Tag Archives: Mal Peet

2 x Mal

Mal Peet

I’ve been sitting on a couple of lovely pieces about Mal Peet. You’ve probably seen them already. There was a hashtag – I think – which I can no longer find.

David Fickling on his pride at ‘ripping the arse out of Mal’s book.’

Anthony McGowan remembering his first meeting with Mal.

There will be plenty more like that, but I didn’t stack them all up, so you’ll have to look for them yourselves. If you didn’t already, of course.

Eight I’ve read

At last. A list I’ve read. I’m beginning to like Daniel Hahn even more. Clearly great minds think alike.

For the Guardian Daniel has chosen eight of the best YA novels, suitable – indeed highly recommended – for adults. And I’ve read them all, which I suppose isn’t so strange, really. I thought when I saw the list that they were all recent books, but YA hasn’t been around all that long, so it’s understandable.

I probably wouldn’t have chosen exactly that list, but I could have.

And I realise I should never have absolved Daughter from having to read The White Darkness. She asked, only a week or so ago, whether she still had to read it, and I said no. It is such a tremendous book. (Is it too late to force her now?) Fancy Daniel picking Revolver by Marcus Sedgwick! Very good choice. Henry Tumour by Anthony McGowan. That was a long time ago now, and I almost didn’t consider it a death/cancer novel, but I suppose it is.

The Graveyard Book by Neil Gaiman, of course. The odd thing is that when I read it, I was – almost – not keen on Chris Riddell’s illustrations. I thought I preferred Dave McKean’s. Well, a witch can change her mind. Siobhan Dowd’s A Swift Pure Cry; the book I thought I might not like because I had set notions about that ‘kind of plot’… What an idiot I was. But it’s a testament to Siobhan’s writing skills that this ‘kind of plot’ can be marvellous.

Kit’s Wilderness by David Almond is the one book I remember less well. Possibly because at the time I read several of David’s books in quick succession. Patrick Ness gets three books in, as Chaos Walking is a trilogy, but you can’t have just the one part. For me they are books that have grown in stature over the years. And finally, Mal Peet’s Life: An Exploded Diagram. One of the best. And now there will be no more.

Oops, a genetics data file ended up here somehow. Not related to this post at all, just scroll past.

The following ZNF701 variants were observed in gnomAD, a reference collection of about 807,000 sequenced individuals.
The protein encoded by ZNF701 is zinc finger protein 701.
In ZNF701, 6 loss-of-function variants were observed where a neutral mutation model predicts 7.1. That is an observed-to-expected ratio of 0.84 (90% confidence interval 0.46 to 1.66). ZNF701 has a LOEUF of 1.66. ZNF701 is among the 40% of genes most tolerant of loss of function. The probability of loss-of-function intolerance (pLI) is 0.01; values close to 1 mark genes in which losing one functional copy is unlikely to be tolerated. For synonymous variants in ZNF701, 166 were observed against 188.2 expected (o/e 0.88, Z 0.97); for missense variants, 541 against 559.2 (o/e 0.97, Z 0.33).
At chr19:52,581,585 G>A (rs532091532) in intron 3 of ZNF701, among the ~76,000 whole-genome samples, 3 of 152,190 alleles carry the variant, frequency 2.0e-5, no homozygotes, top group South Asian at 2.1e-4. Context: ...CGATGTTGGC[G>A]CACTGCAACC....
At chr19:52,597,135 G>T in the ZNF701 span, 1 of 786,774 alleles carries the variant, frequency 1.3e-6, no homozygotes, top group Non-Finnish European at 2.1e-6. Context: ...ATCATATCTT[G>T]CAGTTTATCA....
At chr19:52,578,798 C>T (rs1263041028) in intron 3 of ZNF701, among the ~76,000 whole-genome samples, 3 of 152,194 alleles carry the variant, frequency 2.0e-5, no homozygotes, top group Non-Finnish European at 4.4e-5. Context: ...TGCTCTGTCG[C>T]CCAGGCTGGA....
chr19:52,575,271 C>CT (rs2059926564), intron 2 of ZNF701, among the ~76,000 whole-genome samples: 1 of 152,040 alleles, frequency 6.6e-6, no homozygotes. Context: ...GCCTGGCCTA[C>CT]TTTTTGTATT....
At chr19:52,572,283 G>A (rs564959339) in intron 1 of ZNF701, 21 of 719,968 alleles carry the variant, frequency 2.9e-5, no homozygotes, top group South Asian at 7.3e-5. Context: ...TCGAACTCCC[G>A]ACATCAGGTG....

I know that I tend to preach to the converted here on Bookwitch, but I hope that a few of today’s readers are doubting adults, who would never dream of reading YA. Until today. Because this is such a good start to a new life of reading YA books.

Lucky you.

Farewell to Mal Peet

Football. Who’d have thought I’d like novels about football quite so much? The answer is that I obviously wouldn’t, had it not been Mal Peet who’d written them. And now Mal Peet has died, which is not only a dreadful loss for his family and friends (one of whom was thoughtful enough to let me know how things were, only a week before Mal died), but for his readers.

Mal Peet

Lots of people write very good books. Only a few manage what Mal Peet did, which is to write exceptional books. I remember the buzz on Facebook among his peers, last September when the proofs for The Murdstone Trilogy became available. I don’t think I’ve ever seen quite so much admiration, or read so many quotes, as I did then. And they were right. Murdstone is a marvellous take on fantasy literature, executed in a way only an expert could.

I felt then that it was really quite autobiographical in many ways, despite Mal -sort of – saying it wasn’t. And when I re-read the ending of the book just the other day, it felt even more as though he had put himself in there.

Mal Peet

Mal didn’t have hundreds of novels published. There wasn’t time for that. I don’t know if he wrote hundreds. That wouldn’t surprise me. I believe I’ve read all the published ones, and they belong to the category of books you just don’t get rid of. The Keepers. And now that I knew Murdstone was going to be Mal’s only adult novel, I simply had to go and move it from the adult section, to join its siblings on the YA shelves. It didn’t seem right to have poor Murdstone sitting there on his own, as it were.